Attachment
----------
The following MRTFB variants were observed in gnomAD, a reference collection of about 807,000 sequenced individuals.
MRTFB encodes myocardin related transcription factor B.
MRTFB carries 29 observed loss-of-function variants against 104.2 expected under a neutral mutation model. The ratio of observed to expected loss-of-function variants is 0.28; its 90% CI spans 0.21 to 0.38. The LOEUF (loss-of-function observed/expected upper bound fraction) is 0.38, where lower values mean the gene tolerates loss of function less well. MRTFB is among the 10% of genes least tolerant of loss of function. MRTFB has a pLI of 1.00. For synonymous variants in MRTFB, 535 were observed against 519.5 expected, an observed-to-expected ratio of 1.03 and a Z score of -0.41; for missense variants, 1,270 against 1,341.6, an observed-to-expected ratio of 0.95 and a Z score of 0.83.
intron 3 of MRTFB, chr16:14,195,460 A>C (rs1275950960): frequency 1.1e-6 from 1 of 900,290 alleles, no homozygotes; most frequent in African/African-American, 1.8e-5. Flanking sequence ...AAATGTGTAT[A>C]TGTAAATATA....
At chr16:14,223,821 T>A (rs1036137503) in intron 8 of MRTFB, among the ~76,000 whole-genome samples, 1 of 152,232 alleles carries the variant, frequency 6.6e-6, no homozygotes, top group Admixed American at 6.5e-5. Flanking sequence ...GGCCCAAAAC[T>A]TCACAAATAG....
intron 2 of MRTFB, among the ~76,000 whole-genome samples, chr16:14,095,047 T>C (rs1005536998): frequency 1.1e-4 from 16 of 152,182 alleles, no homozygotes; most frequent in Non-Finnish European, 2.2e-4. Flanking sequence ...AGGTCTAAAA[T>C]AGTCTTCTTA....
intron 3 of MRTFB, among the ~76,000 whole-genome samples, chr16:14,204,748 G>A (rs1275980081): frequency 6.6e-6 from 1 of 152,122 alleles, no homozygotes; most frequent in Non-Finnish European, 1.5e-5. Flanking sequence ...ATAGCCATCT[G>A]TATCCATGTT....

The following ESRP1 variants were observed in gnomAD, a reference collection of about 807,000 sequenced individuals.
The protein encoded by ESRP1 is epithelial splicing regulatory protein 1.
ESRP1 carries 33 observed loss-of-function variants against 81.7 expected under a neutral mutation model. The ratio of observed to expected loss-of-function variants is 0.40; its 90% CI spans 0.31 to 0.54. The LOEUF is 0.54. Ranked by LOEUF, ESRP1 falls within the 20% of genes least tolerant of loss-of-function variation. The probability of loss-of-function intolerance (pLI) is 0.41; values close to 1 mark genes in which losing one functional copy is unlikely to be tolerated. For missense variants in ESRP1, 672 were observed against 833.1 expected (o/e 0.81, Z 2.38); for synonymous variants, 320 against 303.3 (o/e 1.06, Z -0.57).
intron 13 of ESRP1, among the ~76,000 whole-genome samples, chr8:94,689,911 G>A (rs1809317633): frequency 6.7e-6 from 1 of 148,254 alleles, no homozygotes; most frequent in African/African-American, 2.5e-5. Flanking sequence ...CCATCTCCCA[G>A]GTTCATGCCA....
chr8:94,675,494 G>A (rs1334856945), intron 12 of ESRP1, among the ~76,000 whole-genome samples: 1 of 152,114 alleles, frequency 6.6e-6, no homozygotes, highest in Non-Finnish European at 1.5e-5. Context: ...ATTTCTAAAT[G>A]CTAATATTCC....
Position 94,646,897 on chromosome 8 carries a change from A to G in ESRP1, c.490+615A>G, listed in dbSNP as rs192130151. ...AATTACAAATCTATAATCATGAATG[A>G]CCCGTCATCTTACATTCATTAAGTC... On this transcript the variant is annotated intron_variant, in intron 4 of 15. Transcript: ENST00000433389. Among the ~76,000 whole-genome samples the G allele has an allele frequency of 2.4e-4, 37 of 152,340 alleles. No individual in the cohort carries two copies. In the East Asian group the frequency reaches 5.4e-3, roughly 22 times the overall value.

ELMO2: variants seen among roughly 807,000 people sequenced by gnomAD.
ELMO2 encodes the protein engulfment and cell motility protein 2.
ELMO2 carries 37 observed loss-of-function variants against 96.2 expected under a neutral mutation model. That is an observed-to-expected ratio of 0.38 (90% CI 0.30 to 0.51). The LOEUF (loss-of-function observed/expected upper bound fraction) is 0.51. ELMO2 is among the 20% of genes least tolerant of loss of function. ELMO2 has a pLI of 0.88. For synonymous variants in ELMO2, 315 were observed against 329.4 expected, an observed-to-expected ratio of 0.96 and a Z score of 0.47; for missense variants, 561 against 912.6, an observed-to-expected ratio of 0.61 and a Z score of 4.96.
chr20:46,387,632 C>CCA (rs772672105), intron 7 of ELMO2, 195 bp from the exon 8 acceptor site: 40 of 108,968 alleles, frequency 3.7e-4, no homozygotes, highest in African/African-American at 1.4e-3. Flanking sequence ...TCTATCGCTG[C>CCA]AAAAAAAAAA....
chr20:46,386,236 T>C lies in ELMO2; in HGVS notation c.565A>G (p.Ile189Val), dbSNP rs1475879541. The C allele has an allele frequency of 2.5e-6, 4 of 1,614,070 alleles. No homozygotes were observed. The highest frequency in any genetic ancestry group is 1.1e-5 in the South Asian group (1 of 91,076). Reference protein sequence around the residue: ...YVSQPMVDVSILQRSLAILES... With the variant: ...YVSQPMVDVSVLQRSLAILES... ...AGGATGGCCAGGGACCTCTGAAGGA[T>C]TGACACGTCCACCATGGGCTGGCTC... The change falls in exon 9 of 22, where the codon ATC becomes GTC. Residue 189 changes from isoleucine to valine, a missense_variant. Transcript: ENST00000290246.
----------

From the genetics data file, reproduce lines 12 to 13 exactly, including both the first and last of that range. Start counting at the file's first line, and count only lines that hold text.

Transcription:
chr8:94,675,494 G>A (rs1334856945), intron 12 of ESRP1, among the ~76,000 whole-genome samples: 1 of 152,114 alleles, frequency 6.6e-6, no homozygotes, highest in Non-Finnish European at 1.5e-5. Context: ...ATTTCTAAAT[G>A]CTAATATTCC....
Position 94,646,897 on chromosome 8 carries a change from A to G in ESRP1, c.490+615A>G, listed in dbSNP as rs192130151. ...AATTACAAATCTATAATCATGAATG[A>G]CCCGTCATCTTACATTCATTAAGTC... On this transcript the variant is annotated intron_variant, in intron 4 of 15. Transcript: ENST00000433389. Among the ~76,000 whole-genome samples the G allele has an allele frequency of 2.4e-4, 37 of 152,340 alleles. No individual in the cohort carries two copies. In the East Asian group the frequency reaches 5.4e-3, roughly 22 times the overall value.